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|Title:||Ordering dinner : Victorian celebratory domestic dining in London|
|Supervisors:||Brock, W. H.|
|Presented at:||University of Leicester|
|Abstract:||In the first chapter an explicitly comparative approach is selected to examine changing biases in Victorian middle-class values and attitudes through their domestic dinner-parties. Cultural Theory, derived from social anthropology, with an anthropological emphasis on the significance of commensality is integral to this thesis. The contemporary sources are principally didactic works and Marion Sambourne's (1851-1914) Diary and Menu Notebook. Chapter II investigates French and English culinary history to analyse then compare French system and English eclecticism as the foundation for the adoption or rejection of culinary styles amongst Victorian dinner-givers. In chapter III elaborate Victorian dinner-party cuisine is contrasted with daily dinners and nursery food. Chapter IV takes consomme as a core dinner component to define the various dining constituencies by their choices of quality in cooking method, ingredients and presentation. Chapter V assesses a nineteenth-century tendency to stigmatise kitchen work among middle-range dinner-givers. Changes in technology and labour are demonstrated as integral to the resultant cuisine. Chapters VI and VII follow changes in service style from service a la Francaise to service a la Russe which reflected a paradigm shift in social organisation. English service a la Russe made the table a stage to display glass, china, plate, linen, fruit and flowers. This is then discussed in chapter VIII as an iconography of moral and social values to be adopted or rejected by different constituencies. Chapters IX and X are not only concerned with male/female divisions of responsibility as providers and participants, but also in the hierarchic and individualist contexts of dining practice and etiquette. Locality, furnishings, domestic space, etiquette, smoking, wine, male dining and servants' status are related through a discussion of boundaries: physical, conceptual and behavioural. These bring together the strands of classification that are used as a comparative method of deconstructing a move from established hierarchy to greater individualism among Victorian dinner-giving constituencies in London.|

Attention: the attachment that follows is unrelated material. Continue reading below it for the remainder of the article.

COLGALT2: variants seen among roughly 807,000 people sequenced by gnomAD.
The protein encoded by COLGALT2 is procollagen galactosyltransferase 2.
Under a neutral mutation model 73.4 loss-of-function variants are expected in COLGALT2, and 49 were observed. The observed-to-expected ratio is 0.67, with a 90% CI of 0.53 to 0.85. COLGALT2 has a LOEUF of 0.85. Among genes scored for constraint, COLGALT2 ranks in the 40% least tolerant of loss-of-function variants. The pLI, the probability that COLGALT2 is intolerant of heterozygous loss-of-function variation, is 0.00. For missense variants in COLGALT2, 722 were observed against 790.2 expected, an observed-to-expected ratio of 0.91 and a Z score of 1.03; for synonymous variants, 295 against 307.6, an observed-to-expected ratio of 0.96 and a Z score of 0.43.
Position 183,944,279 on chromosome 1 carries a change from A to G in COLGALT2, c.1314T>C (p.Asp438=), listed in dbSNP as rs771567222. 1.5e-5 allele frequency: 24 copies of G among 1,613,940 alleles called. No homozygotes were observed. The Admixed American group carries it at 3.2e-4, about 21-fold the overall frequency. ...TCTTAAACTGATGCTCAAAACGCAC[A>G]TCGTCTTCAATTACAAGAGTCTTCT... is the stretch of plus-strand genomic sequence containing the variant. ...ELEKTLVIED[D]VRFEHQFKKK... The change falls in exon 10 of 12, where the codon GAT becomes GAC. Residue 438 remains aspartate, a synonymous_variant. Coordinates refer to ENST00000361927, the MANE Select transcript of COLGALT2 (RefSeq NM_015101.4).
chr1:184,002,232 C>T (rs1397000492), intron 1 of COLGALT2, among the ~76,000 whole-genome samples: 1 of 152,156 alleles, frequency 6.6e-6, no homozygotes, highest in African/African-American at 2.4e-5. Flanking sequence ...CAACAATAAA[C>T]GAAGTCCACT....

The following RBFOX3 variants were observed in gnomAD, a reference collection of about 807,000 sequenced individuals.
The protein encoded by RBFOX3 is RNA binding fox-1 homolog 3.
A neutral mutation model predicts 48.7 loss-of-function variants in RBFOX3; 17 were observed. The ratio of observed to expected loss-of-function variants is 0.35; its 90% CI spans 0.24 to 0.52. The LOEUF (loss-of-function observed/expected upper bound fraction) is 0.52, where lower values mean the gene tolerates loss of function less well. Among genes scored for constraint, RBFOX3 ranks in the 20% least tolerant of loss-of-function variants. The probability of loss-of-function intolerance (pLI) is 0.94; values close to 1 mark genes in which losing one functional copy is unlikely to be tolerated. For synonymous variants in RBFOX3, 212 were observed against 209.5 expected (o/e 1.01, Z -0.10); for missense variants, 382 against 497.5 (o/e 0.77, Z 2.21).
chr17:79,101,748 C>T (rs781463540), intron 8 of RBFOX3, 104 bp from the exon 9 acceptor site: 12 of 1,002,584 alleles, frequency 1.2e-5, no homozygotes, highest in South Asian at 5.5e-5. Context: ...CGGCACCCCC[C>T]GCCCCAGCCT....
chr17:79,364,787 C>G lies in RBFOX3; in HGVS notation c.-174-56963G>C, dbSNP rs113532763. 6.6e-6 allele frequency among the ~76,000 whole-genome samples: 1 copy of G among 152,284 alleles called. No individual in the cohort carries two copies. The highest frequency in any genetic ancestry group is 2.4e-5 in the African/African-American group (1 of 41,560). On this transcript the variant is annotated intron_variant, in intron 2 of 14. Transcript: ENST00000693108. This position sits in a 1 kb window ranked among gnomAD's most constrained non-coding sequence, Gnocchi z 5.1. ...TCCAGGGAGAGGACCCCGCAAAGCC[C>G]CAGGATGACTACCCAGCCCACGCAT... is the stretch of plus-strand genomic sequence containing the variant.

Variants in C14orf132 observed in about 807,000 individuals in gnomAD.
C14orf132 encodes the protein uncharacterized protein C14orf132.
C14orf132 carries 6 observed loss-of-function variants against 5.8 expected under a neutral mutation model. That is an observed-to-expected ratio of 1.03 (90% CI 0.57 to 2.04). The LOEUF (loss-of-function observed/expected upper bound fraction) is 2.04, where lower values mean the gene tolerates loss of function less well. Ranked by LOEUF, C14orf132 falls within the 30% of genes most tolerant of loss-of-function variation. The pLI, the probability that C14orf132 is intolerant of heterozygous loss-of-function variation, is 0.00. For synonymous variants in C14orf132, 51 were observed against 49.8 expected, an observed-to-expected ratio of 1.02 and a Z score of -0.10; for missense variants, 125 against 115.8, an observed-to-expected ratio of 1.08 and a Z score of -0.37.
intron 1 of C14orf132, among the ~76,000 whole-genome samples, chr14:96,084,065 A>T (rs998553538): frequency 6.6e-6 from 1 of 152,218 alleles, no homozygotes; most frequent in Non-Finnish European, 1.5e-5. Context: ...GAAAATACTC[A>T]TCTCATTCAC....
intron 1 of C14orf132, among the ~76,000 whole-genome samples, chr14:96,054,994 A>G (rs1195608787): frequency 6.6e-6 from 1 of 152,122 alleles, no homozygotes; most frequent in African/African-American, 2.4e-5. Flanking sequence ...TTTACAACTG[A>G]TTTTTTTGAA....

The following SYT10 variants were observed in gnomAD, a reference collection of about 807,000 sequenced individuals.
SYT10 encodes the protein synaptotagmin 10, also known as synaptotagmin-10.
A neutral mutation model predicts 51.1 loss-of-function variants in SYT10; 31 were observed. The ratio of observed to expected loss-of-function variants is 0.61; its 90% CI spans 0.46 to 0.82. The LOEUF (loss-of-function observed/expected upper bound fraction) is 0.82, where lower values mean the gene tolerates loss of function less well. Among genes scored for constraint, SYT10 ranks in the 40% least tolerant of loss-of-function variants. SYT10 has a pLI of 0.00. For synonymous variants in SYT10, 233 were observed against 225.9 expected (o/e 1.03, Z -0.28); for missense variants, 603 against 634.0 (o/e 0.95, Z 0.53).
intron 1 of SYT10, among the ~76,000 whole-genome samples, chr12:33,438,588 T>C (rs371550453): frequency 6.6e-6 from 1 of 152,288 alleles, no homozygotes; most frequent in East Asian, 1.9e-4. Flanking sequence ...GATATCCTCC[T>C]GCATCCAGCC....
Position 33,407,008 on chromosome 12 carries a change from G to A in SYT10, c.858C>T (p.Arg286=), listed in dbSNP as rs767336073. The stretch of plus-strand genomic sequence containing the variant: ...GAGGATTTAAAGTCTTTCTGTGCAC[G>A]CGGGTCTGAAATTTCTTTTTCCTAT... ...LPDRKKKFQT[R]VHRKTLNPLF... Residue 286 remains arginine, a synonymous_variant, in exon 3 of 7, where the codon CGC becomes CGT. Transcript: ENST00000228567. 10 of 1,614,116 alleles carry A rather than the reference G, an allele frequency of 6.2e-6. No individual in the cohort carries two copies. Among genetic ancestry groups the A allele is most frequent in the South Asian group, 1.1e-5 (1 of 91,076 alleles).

|Rights:||Copyright © the author. All rights reserved.|
|Appears in Collections:||Theses, School of Historical Studies|
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